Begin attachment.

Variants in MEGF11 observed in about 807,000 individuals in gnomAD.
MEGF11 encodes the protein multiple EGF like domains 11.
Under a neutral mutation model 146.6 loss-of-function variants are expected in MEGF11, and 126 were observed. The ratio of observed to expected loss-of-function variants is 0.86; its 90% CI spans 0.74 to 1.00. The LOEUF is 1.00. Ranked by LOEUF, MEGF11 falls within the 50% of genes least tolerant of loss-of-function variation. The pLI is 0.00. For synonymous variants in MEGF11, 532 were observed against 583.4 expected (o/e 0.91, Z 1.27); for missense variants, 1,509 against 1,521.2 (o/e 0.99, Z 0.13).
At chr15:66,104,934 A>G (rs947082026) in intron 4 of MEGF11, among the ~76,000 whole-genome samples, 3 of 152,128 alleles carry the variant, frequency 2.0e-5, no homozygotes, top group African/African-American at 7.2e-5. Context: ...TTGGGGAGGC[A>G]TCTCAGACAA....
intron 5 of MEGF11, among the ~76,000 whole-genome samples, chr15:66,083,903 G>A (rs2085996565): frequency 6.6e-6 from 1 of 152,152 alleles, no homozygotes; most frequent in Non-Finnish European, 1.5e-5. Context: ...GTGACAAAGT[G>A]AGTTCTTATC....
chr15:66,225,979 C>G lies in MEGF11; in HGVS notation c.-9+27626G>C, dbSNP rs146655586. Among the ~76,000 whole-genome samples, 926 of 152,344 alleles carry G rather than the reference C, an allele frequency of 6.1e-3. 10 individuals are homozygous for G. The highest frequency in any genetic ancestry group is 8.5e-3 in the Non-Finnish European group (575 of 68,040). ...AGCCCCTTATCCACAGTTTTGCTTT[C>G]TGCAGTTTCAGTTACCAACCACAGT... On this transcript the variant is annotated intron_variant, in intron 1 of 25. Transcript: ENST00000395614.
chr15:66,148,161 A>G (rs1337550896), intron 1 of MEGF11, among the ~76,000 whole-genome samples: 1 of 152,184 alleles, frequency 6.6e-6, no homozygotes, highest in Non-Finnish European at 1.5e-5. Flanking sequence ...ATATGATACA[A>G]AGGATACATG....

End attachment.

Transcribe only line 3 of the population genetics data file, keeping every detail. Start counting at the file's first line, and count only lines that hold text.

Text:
Under a neutral mutation model 146.6 loss-of-function variants are expected in MEGF11, and 126 were observed. The ratio of observed to expected loss-of-function variants is 0.86; its 90% CI spans 0.74 to 1.00. The LOEUF is 1.00. Ranked by LOEUF, MEGF11 falls within the 50% of genes least tolerant of loss-of-function variation. The pLI is 0.00. For synonymous variants in MEGF11, 532 were observed against 583.4 expected (o/e 0.91, Z 1.27); for missense variants, 1,509 against 1,521.2 (o/e 0.99, Z 0.13).